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El Chaltén is a small, beautiful town surrounded by mountains. What’s so great about it is that all the treks in El Chaltén are accessible by walking from the main town, so you don’t have to pay for any busses to get to the trailheads. This has been one of my biggest expenses traveling through Patagonia, so I was very relieved!
On top of that, there’s no entry fee to get into any of the hikes. It’s all one big park and they don’t even charge you when you arrive. Plus there are a ton of different trekking opportunities in El Chaltén. If you are traveling through Patagonia, don’t miss el Chalten!
Treks in El Chaltén
Weather is a constant gamble in Patagonia, so I was delighted to wake to blue skies on my first morning in El Chalten. However we heard from the ranger that the next day was supposed to be the best day of the week, so we decided to leave the Laguna de Los Tres hike for then and tackle Laguna Torre first.
Laguna Torre (10.8 KM)
Laguna Torre is a gorgeous, relatively easy three-hour hike (10.8km) to a glacier lake. There are several well-marked trails that leave from El Chalten. The first part of the trek (2.5km) is a very steep hill, but the rest of the way is mostly flat. It’s all gorgeous, especially as you start to see Fitz Roy in the background.
It takes about three hours to get to the lake. From there, it is possible to go down to the Torre lagoon or to continue along the same ridge for another 2 km to the Maestri viewpoint to get even closer to the glacier.
This section is more challenging as it’s extremely windy on the trail but it is worth it to get closer to the glacier. I also liked this section because there was hardly anyone else there.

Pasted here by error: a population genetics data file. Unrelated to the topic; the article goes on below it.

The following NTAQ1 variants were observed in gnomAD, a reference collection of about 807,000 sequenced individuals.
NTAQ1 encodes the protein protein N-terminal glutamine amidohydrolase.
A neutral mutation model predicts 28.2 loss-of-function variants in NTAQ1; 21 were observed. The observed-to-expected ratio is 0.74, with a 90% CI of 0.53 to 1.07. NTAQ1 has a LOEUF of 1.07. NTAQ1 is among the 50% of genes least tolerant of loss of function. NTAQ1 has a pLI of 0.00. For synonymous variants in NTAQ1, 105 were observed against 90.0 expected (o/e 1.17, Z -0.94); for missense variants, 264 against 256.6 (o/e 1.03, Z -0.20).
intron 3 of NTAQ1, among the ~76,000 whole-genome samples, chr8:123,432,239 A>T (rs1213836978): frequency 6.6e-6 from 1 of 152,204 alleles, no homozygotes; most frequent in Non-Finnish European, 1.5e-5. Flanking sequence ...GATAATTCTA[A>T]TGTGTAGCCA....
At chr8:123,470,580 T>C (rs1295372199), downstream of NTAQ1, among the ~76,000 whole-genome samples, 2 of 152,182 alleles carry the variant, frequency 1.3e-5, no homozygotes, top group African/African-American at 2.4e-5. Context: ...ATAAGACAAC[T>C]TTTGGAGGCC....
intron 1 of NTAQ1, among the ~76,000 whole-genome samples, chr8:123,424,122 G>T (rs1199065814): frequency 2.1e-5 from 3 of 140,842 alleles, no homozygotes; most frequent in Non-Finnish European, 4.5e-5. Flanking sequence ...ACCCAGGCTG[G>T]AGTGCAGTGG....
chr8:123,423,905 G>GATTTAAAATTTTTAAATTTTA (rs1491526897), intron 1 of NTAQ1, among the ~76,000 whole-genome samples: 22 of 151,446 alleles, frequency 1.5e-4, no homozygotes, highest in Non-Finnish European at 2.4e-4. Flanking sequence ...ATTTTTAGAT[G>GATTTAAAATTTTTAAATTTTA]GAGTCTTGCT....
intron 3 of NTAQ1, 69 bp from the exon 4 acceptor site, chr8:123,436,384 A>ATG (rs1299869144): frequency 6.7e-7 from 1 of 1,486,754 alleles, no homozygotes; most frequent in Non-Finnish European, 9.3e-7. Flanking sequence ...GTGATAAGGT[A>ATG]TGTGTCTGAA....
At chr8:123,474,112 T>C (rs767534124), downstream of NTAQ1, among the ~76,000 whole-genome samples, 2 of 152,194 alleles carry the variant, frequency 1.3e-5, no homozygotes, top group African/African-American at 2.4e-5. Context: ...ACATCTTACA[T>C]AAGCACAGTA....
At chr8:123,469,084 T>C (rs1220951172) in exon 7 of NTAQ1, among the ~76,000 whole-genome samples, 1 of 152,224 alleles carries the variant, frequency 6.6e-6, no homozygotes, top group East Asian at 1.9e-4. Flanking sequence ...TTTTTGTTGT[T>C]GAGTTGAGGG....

Laguna de Los Tres / Fitz Roy (26 km)
Our gamble paid off and the next morning we woke up to an even better day for the Laguna de Los Tres hike. Thank you Patagonia gods! I couldn’t believe it, two perfectly clear days in a row is a miracle.
This hike is 10km but I found it much more difficult than the Laguna Torre (mainly the last km). You have two options for this hike: you can either hike up and down from town the same entrance point, or you can get a bus in the morning (8 or 9:30 am) for 200 pesos that will bring you to a different trailhead and then take the other way back into town after the hike. We opted to do this because you get different views (more of the glacier) and it’s also slightly less steep going up.
The trail will eventually meet up with the other one at the 8 km mark. Once you get to the 9km mark there is a rest stop and a giant sign indicating that the next km is very difficult (400m accent) and you should be in good shape to do it. I would have to agree with the sign, I found it pretty challenging especially after a sore ankle from hiking the day before. However, the views at the top are 100% worth it.
Going up you can see the gorgeous fall colors starting to appear and once you reach the top all you see is mountains surrounding you. Fitz Roy at its closest, and the gorgeous turquoise lake below. It’s just incredible.
Having gotten two completely clear sky beautiful days I was feeling pretty happy with my time in El Chaltén. With rain in the forecast for the rest of the week, I decided to combine my rest and travel day and hop on a bus to Bariloche which will be my last stop in Patagonia! Bittersweet, but I think my feet will be happy.
Where to stay in El Chalten
Since the town is basically built for backpackers/hikers there are quite a few bars, restaurants, and hostels to stay here. We stayed at Aylen Aiken which is a hostel owned by a very funny man named Sebastian who always has a rock concert DVD playing in the background.
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